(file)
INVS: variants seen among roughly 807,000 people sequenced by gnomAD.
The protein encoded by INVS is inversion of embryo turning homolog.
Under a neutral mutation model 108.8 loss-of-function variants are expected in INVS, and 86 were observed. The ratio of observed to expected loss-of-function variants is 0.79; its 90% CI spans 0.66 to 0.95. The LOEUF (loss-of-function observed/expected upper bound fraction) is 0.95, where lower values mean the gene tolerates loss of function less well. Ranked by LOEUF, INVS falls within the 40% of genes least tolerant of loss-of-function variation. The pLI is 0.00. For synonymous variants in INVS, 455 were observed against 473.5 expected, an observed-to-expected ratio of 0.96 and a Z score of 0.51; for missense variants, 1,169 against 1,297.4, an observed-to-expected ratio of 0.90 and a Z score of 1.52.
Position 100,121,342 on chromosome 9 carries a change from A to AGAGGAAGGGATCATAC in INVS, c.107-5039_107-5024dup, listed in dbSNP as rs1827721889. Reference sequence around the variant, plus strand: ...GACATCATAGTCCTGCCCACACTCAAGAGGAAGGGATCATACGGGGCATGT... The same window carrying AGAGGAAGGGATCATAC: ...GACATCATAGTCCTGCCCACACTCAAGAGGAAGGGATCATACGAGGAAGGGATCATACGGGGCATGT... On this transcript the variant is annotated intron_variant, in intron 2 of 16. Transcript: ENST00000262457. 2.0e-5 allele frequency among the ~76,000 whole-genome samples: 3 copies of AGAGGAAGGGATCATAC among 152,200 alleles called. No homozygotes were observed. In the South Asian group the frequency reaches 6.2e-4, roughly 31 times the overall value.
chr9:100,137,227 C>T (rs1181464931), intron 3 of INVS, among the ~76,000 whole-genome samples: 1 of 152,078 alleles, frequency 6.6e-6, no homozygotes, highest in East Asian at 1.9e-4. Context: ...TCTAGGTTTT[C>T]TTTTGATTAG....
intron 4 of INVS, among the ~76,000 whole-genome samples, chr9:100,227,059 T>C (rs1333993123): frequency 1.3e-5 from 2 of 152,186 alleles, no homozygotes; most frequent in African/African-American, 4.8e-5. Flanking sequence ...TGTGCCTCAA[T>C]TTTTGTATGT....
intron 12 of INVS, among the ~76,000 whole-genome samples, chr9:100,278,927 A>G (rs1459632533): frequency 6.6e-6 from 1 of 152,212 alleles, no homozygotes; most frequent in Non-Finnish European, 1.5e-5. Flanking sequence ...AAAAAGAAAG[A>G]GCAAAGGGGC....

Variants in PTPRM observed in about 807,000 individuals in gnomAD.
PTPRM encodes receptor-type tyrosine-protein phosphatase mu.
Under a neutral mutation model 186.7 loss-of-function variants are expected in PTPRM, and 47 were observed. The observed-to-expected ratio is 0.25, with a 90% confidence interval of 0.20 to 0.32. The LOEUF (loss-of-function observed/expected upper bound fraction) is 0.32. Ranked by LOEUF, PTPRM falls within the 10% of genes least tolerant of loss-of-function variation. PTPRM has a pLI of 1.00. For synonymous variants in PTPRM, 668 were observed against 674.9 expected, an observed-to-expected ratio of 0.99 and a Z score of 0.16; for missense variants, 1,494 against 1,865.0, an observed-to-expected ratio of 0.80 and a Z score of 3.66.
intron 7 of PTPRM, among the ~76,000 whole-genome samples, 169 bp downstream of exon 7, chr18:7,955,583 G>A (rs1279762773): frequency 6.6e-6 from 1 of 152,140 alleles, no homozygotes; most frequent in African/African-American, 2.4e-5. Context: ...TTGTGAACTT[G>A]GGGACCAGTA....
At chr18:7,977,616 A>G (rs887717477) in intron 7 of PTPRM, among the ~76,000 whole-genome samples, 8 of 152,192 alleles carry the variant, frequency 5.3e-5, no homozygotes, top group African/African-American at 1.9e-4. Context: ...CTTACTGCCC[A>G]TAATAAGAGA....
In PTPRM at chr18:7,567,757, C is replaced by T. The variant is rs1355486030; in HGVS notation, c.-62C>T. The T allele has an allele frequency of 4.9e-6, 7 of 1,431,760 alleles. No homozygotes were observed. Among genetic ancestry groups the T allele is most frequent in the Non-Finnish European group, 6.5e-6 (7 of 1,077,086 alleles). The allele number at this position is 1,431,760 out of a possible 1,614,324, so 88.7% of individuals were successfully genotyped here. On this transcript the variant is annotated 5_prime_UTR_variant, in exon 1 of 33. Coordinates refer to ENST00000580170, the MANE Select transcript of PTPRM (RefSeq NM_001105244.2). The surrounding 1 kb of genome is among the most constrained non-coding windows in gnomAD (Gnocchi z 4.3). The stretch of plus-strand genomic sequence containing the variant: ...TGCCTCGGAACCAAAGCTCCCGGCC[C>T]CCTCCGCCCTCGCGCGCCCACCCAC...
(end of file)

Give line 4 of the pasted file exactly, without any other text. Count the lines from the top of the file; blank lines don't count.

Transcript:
Position 100,121,342 on chromosome 9 carries a change from A to AGAGGAAGGGATCATAC in INVS, c.107-5039_107-5024dup, listed in dbSNP as rs1827721889. Reference sequence around the variant, plus strand: ...GACATCATAGTCCTGCCCACACTCAAGAGGAAGGGATCATACGGGGCATGT... The same window carrying AGAGGAAGGGATCATAC: ...GACATCATAGTCCTGCCCACACTCAAGAGGAAGGGATCATACGAGGAAGGGATCATACGGGGCATGT... On this transcript the variant is annotated intron_variant, in intron 2 of 16. Transcript: ENST00000262457. 2.0e-5 allele frequency among the ~76,000 whole-genome samples: 3 copies of AGAGGAAGGGATCATAC among 152,200 alleles called. No homozygotes were observed. In the South Asian group the frequency reaches 6.2e-4, roughly 31 times the overall value.